Celebrated sociologist Tressie McMillan Cottom has said that all of her essays stem from the question, “Why me and not my grandmother?” Cottom writes lovingly of her grandmother, stating how much she loved to read and learn, how suited her mind would’ve been to today’s knowledge-worker economy. Essentially, Cottom argues that her grandmother should’ve had her life. If life was fair, if there was some sense of justice, her grandmother would’ve experienced the kind of success she now possesses.
I’ve been ruminating on Cottom’s question as I continue to grieve my own grandmother — it’s been nearly five years since her passing — and consider my own place in this world. Now that I think about it, all I’ve ever done — personally, socially, professionally — is try to emulate her, try to recreate the way she made people feel.
Everywhere my grandmother went, people wanted to be near her. She was hilarious and thoughtful and kind and so incredibly fun. She loved taking me, my brother, and my cousin — her grandkids, her pride and joy — to the movies and aiding us in sneaking in candy from the dollar store. She taught me how to theater hop and how to laugh at myself and how to play cards and how to say I told you so whenever I was right. She also taught me that buying something just because it made me or someone I cared for smile was just reason enough. She had a way of making you feel like your words were the most precious in the whole world.
Now, in my role as Senior Community Engagement Manager, my work is all about people. I regularly find myself channeling my grandmother’s wisdom in every interaction I have with community co-designers, the folx with lived experience whom we ask to join us in design projects at IDEO.org.
In our recent work with families and youth who have been impacted by the child welfare system, one of our guiding principles was to “lead with community not craft.” As designers, we tend to lean on our craft expertise first. Community co-design — designing with people who will be directly impacted by what we collectively create — requires decentering ourselves as experts and calling forth the wisdom, imagination, and expertise in others. It also requires intentional community building and responsiveness: being mindful about scheduling; using local, relatable examples in co-design sessions; resorting to phone calls when Zoom isn’t cooperating; and tending to our collective joy through music, art, and healing.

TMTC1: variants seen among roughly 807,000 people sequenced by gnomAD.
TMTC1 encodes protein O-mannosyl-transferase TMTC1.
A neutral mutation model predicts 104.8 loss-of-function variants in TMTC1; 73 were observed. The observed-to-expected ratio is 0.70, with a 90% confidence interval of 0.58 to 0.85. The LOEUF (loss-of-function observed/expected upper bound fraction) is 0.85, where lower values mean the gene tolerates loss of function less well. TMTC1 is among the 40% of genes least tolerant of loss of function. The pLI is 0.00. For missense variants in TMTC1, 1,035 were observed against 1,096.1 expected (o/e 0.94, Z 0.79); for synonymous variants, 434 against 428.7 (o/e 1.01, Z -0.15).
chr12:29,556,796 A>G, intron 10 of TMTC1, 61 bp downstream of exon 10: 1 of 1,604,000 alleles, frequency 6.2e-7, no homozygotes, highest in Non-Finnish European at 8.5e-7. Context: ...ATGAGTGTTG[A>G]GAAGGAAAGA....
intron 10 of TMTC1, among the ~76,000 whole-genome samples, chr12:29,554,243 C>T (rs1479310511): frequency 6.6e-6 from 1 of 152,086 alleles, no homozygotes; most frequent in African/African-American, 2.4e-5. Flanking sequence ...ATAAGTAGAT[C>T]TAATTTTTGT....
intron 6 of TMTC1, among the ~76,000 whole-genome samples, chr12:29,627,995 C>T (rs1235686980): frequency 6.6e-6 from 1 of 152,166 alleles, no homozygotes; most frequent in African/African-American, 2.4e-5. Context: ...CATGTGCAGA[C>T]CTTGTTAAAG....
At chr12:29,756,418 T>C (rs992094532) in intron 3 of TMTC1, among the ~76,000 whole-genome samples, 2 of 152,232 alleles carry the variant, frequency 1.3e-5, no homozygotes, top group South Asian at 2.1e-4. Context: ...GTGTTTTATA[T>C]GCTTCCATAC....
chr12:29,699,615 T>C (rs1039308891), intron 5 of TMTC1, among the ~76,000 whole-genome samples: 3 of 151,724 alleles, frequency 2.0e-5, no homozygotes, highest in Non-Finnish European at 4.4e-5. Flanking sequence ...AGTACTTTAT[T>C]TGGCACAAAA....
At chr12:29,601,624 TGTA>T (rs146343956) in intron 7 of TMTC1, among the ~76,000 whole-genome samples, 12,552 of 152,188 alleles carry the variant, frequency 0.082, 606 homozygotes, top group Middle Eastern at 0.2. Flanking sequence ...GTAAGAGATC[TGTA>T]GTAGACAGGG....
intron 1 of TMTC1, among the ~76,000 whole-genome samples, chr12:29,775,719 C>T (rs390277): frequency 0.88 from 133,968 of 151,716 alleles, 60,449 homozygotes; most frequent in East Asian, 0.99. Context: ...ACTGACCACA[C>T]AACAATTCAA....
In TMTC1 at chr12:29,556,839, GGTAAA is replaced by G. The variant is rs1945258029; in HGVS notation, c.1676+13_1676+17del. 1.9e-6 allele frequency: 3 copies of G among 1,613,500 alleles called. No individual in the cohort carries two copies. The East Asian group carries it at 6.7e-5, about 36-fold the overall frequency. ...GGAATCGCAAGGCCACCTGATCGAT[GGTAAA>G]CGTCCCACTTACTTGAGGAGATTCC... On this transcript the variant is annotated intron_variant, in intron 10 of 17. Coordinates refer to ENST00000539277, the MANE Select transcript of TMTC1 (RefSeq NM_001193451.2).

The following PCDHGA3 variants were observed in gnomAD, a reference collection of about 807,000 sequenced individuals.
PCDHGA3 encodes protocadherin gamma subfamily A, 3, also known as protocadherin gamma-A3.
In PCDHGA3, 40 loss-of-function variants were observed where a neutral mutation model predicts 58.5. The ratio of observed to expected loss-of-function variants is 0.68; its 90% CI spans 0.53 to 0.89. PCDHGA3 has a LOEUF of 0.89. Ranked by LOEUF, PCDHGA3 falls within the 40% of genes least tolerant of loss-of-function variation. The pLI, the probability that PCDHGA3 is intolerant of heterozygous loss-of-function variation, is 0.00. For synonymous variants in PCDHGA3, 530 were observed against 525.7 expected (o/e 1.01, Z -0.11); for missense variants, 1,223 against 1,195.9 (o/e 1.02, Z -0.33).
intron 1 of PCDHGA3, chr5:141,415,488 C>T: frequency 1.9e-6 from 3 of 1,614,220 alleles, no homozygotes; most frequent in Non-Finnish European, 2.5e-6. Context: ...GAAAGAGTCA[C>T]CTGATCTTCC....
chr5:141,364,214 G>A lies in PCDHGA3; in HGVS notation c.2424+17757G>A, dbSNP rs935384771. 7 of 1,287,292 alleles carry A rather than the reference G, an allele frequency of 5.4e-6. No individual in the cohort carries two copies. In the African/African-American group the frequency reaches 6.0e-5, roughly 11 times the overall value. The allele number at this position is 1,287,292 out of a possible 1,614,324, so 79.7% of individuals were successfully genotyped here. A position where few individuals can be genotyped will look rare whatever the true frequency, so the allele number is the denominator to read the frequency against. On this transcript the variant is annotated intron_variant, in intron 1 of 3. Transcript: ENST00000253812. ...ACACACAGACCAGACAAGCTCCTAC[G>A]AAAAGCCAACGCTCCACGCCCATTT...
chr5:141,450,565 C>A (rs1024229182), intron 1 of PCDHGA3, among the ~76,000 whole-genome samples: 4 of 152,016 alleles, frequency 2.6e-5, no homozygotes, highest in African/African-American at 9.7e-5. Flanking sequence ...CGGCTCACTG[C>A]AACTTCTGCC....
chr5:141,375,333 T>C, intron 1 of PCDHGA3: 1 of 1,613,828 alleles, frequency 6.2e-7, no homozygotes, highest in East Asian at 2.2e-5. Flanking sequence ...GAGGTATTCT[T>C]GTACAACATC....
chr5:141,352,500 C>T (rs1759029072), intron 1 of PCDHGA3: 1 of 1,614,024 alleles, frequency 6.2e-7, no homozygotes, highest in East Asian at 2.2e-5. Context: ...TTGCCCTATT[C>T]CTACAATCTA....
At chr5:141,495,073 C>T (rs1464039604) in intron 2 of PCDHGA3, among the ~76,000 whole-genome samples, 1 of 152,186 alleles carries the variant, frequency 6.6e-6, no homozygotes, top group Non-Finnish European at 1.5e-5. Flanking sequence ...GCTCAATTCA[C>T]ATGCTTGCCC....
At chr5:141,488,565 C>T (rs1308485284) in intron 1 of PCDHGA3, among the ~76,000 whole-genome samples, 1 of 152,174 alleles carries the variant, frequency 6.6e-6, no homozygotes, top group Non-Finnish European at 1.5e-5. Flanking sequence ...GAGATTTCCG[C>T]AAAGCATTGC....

The gravity of the problems we’re trying to solve calls for an explicit focus on delight. The idea that we need to be as solemn as the systems we seek to change is false; co-designing solutions with communities should be fun. Taking care to listen and learn about community co-designers’ interests and ideas only amplifies the co-design experience. Being responsive and deepening relationships sharpens craft. When we’re attuned to individuals’ backgrounds and wishes, we’re better equipped to create a meaningful experience for them and design a better future together.
My grandmother had this clear-eyed, caring way of telling the truth. It was integral to her being. She knew how to supplement honesty with just the right dash of humor, patience, or severity. You always knew where you stood with her, and even if you weren’t thrilled with what she had to say, you were grateful it came from her. After all, how can you expect anyone to respect you if they don’t trust your word?